458 A mrican A nthropologist [72, 19701
authors to describe and compare four This book aims at exploring factors that
“major” legal families of the modern world influence farmers’ productivity. The author,
as follows: ( 1 ) The Romano-Germanic an Indian journalist, regards this question as
a logical outgrowth of her earlier study
Family (Part I ) includes all those legal sys-
tems-e.g., Latin, Germanic, Graeco-Italian, (Nair 1961) of productivity among Indian
and Scandinavian-founded on the histori-
farmers.
cal traditions of Roman law. (2) The So- Nair collected data more in the manner
cialist Family (Part 11) traces its roots toof a good journalist than as an anthropolo-
Roman law but subordinates the traditional gist. She spent about a year in the United
Roman ideals of justice and private law to States conducting interviews with farmers and
the prevailing economic conditions of the doing library research. During this time she
also lived with “several” American farm
socialist state. There is a lesson for all in the
conclusion that “the Soviet court must not families, but she does not specify how long
be a show, it must be a school” (p. 202). she stayed or with how many families she
( 3 ) The Common Law Family (Part 111) is stayed. Later she spent three months in
best exemplified by English and American Japan interviewing Japanese farmers. Her
law traditions that emphasize adjudicative sampling of the two populations was not
procedure, the nature of evidence, and the random, although she tried to get as hetero-
geneous a cross section as possible. In
administration of justice. ( 4 ) Religious and
Traditional Legal Systems (Part 1V) includesAmerica she concentrated almost exclusively
all unrelated and independent systems of so-on White commercial farmers of northwest-
cial control that are founded less on the ern European background. The book, in
“true” precepts of law than on philosophicalshort, is not the product of a “scientific” en-
and religious principles. Muslim, Indian, deavor, nor does it purport to be so.
Chinese, Japanese, and African legal sys- The materials presented are statistics, his-
tems are indiscriminately encapsulated into torical data, and excerpts from interviews.
this residual and, in this reviewer’s opinion,
Most of the book is about the United States
totally meaningless category. and Japan, with a couple of dozen pages at
The description and analysis of the majorthe end about India. Several intriguing facts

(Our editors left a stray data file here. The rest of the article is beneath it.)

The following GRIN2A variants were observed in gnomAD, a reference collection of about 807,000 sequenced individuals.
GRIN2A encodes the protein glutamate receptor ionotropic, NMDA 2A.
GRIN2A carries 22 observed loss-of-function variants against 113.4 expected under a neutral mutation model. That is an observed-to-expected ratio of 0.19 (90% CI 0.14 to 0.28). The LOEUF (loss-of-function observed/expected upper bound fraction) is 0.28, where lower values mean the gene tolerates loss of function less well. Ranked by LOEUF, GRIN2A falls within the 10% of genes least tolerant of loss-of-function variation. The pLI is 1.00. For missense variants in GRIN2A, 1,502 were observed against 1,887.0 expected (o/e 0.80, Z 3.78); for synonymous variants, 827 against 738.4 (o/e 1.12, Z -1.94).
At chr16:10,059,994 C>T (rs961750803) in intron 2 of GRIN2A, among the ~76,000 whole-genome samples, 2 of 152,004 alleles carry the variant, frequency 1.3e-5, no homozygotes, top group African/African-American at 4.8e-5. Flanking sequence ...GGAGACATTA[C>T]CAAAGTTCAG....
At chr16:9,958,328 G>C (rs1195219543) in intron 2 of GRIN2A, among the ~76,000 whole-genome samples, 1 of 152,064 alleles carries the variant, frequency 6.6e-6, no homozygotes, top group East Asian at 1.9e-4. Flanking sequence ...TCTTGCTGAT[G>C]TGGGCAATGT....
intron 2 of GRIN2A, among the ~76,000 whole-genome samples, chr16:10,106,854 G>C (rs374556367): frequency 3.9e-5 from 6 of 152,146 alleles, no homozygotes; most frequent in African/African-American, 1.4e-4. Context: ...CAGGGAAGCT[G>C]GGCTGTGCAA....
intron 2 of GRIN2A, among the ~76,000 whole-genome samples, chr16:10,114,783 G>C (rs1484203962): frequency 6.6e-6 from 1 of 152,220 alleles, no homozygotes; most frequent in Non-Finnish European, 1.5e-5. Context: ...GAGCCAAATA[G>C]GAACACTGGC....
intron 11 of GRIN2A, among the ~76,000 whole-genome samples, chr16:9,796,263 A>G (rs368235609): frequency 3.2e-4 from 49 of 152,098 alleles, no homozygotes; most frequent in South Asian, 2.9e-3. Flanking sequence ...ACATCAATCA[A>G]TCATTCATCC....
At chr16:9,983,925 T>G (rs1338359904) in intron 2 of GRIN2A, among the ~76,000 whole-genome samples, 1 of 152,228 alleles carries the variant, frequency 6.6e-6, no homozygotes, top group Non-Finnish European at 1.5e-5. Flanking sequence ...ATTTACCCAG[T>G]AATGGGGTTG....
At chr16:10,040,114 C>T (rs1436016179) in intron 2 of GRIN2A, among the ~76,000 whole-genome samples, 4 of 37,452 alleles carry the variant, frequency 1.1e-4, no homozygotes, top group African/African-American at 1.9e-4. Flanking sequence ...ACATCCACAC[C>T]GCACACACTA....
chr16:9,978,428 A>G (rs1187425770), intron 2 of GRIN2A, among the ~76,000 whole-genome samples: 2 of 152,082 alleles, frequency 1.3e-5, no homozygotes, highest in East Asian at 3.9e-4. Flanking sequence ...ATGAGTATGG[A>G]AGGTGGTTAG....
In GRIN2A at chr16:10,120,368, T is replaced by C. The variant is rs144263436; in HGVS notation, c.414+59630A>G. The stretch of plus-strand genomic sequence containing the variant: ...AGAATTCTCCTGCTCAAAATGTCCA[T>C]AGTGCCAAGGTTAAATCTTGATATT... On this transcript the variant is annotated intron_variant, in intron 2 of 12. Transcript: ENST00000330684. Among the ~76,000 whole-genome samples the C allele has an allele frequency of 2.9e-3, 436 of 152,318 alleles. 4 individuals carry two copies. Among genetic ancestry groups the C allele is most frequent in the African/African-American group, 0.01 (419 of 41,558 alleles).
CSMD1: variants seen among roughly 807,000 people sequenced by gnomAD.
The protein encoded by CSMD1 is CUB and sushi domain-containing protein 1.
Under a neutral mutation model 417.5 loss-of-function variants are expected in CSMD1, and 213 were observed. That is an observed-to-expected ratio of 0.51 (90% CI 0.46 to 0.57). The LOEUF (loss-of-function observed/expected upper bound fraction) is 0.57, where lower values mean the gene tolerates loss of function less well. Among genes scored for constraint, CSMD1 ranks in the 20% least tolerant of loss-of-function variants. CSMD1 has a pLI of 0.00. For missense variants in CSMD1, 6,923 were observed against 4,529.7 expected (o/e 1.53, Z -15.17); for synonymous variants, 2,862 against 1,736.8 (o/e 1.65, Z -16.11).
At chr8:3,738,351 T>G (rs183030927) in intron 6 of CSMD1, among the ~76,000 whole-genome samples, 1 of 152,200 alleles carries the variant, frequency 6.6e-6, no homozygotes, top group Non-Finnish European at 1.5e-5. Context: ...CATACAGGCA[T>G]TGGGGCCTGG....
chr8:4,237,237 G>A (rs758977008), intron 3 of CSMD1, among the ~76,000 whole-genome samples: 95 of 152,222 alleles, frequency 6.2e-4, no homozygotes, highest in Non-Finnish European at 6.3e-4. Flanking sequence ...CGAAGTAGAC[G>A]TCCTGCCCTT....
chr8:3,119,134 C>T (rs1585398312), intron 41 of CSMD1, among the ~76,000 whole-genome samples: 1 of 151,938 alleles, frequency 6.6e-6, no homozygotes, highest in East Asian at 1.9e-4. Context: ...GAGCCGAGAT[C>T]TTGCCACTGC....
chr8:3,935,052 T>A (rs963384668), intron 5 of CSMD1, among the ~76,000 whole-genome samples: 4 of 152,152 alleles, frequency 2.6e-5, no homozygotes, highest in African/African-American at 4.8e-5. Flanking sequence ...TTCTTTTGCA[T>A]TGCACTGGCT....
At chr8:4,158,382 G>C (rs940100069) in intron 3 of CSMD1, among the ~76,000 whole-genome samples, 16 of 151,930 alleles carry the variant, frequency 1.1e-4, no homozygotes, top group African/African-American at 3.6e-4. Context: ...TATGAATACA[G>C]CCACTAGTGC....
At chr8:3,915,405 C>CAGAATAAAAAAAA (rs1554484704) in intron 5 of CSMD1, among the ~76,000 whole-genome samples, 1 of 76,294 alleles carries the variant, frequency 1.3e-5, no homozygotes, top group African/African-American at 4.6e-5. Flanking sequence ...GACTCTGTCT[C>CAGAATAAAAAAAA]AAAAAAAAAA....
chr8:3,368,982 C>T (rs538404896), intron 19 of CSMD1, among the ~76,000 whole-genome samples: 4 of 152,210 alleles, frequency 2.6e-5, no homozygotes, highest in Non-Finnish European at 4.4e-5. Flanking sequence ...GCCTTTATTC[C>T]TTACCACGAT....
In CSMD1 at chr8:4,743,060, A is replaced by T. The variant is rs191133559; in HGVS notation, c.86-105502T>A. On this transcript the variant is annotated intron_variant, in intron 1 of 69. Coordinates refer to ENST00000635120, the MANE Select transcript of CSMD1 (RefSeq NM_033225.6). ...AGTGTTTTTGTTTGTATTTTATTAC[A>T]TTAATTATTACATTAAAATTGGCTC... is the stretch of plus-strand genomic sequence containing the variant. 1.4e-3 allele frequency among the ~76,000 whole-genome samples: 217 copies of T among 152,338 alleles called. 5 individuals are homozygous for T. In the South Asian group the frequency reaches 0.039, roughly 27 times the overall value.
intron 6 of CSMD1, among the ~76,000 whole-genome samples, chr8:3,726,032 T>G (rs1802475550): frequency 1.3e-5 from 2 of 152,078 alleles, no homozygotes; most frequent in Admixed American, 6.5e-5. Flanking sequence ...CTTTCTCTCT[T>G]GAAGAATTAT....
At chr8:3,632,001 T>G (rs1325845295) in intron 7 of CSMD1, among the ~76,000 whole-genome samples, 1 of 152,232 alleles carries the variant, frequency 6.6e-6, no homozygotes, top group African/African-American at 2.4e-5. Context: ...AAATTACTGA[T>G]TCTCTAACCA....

Western legal systems found in Parts I, 11, emerge from this survey. For instance,
and I11 is concise and erudite. The anthro- many of the American farmers interviewed
pologists, who to an ever increasing degree explicitly rejected the “hard work ethic”
must come to understand the dominant legal often attributed to them, frequently adding
systems that affect the lives of his infor- that only minority group members (Black
mants, will find these synoptic outlines par-
people, Mexicans, etc.) could d o the heavy
ticularly informative and helpful. We can- manual labor some American farming re-
quires. By contrast, Japanese farmers
not, however, take the authors seriously when
they assert that “no truly customary systemsseemed willing to do not only the far harder
of laws existed . . . (in Black Africa and work their relatively labor-intensive farming
Madagascar!) . . . where in general very demands but also more work than they need-
fragmented tribal structures paralyzed any ed to, rejecting labor-saving techniques.
evolution” (p. 60) or the questionable ad- Similarly, Americans seemed more reluctant
mission that “English legal terms cannot be than Japanese to get involved with such
translated into French or some other Latin technological innovations as fertilizers or
language” (p. 282). irrigation, which would make them work
harder. Both the interviews and the statistics
The Lonely Furrow: Farming in the United show a great diversity in productivity among
States, Japan, and India. KUSUM NAIR. American farms as compared to farms in
Ann Arbor: University of Michigan Press, Japan, where, Nair seems to feel, every
1969. xvi + 314 pp., maps, table of farmer is a good farmer.
weights and measures, notes, index. $7.95 The author has an unfortunate tendency
(cloth). to get involved in peripheral issues in order
Reviewed by ROBERTK. DENWN to tilt at windmills of “orthodoxy.” For ex-
State University of New York at Buffalo ample, she spends a good deal of space